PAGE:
More than 2 thousand years ago, Hippocrates, sometimes known as the Father of Medicine – once said, “all disease begins in the gut”. We are only now just starting to understand just how right he was. Research has revealed that gut health is critical to overall health and that an unhealthy gut contributes to a wide range of diseases including diabetes, obesity, rheumatoid arthritis, autism spectrum disorder, depression and chronic fatigue syndrome.
There are two things that determine our gut health: the intestinal microbiota, or “gut flora” and the gut barrier:
Imagine this – the human gut contains 10 times more bacteria than all the human cells in the entire body, with over 400 known diverse bacterial species. Gut flora promotes normal gastrointestinal function, provides protection from infection, regulates metabolism and comprises more than 75% of our immune system. Unregulated gut flora has been linked to diseases ranging from autism and depression to autoimmune conditions like Hashimoto’s, inflammatory bowel disease and type 1 diabetes.
The gut is a hollow tube that passes from the mouth to the anus. Anything that goes in the mouth and isn’t digested will pass right out the other end. This is, in fact, one of the most important functions of the gut: to prevent foreign substances from entering the body.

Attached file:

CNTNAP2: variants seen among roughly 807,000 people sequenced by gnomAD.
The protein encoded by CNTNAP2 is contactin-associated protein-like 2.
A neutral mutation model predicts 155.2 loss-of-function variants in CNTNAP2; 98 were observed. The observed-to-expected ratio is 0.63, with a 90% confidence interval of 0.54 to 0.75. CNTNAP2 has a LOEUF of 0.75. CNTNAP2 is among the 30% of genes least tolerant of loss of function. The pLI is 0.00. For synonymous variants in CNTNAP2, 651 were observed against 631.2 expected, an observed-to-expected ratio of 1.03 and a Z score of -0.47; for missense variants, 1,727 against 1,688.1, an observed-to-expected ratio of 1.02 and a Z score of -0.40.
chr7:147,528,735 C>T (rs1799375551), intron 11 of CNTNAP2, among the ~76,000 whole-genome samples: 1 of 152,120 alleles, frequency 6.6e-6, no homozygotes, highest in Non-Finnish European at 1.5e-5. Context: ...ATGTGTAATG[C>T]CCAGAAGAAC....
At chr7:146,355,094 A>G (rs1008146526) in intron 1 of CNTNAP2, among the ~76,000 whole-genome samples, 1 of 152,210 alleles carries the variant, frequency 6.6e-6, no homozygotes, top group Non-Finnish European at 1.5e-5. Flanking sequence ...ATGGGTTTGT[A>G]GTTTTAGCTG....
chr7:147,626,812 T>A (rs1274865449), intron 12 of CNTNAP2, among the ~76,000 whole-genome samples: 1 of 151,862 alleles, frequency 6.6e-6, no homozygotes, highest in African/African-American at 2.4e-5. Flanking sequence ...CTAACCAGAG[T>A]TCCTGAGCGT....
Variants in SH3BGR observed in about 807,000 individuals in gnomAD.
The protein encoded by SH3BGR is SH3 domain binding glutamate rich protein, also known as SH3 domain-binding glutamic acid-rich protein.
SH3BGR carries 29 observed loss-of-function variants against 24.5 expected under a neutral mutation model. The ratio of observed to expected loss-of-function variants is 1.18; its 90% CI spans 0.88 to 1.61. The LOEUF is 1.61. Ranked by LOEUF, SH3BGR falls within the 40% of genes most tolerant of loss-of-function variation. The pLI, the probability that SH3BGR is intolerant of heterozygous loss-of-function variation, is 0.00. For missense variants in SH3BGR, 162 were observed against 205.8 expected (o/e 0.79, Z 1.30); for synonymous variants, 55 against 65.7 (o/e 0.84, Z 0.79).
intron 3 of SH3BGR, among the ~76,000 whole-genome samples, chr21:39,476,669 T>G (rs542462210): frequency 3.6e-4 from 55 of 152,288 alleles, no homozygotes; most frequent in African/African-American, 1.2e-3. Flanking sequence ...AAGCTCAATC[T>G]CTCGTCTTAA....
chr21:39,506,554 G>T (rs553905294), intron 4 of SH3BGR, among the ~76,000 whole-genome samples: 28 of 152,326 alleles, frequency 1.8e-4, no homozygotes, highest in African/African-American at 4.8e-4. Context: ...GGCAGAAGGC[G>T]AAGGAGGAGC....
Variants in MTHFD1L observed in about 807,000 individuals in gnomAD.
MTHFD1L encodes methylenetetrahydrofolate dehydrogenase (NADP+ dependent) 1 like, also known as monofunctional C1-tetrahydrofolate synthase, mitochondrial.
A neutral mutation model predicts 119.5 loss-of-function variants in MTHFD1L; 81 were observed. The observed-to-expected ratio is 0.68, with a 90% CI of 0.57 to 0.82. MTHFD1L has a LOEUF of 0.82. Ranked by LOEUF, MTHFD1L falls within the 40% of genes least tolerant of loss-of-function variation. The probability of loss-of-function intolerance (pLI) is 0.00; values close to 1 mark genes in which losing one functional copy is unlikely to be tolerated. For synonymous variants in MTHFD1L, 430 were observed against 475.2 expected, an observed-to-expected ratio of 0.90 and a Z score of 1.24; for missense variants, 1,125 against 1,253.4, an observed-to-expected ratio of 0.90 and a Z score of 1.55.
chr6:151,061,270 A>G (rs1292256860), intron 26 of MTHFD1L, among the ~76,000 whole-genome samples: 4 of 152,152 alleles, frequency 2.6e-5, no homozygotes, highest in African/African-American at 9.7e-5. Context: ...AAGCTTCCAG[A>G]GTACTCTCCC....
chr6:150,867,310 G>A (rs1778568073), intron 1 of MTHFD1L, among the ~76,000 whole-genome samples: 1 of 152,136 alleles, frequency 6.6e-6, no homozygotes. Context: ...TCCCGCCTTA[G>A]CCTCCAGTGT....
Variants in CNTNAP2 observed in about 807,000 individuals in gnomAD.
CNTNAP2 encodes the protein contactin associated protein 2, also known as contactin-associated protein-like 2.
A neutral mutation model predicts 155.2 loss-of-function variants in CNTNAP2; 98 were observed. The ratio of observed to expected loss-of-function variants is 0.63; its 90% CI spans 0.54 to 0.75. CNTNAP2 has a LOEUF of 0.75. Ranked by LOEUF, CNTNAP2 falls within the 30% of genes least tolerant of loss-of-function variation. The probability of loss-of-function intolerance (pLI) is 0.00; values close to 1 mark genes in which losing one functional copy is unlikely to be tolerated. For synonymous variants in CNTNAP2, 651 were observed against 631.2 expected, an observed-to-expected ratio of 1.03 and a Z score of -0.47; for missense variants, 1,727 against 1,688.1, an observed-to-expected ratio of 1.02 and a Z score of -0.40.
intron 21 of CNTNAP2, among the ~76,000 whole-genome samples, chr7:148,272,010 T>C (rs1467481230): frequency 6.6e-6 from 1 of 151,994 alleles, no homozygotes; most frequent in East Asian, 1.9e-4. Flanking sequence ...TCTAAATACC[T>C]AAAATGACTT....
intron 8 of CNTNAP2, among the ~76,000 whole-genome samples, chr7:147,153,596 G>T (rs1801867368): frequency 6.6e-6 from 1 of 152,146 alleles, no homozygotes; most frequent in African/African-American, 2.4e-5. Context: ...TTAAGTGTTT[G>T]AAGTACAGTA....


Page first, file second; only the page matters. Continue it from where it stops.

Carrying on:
When the intestinal barrier becomes permeable (i.e. “leaky gut syndrome”), large protein molecules escape into the bloodstream.
Since these proteins don’t belong outside of the gut, the body mounts an immune response and attacks them. Studies have repeatedly shown that the integrity of the intestinal barrier is a major factor in autoimmune disease.
The most obvious first step in maintaining a healthy gut is to avoid all of the things that destroy gut flora and damage the intestinal barrier. But that’s not always possible, especially in the case of chronic stress and infections.
If you’ve been exposed to some of these factors, there are still steps you can take to restore your gut flora:
- Remove all food toxins from your diet
- Eat plenty of fermentable fibers (starches like sweet potato, yam, yucca, etc.)
- Eat fermented foods like kefir, yogurt, sauerkraut, kim chi, etc., take a high-quality, multi-species probiotic.
- Treat any intestinal pathogens (such as parasites) that may be present
- Take steps to manage your stress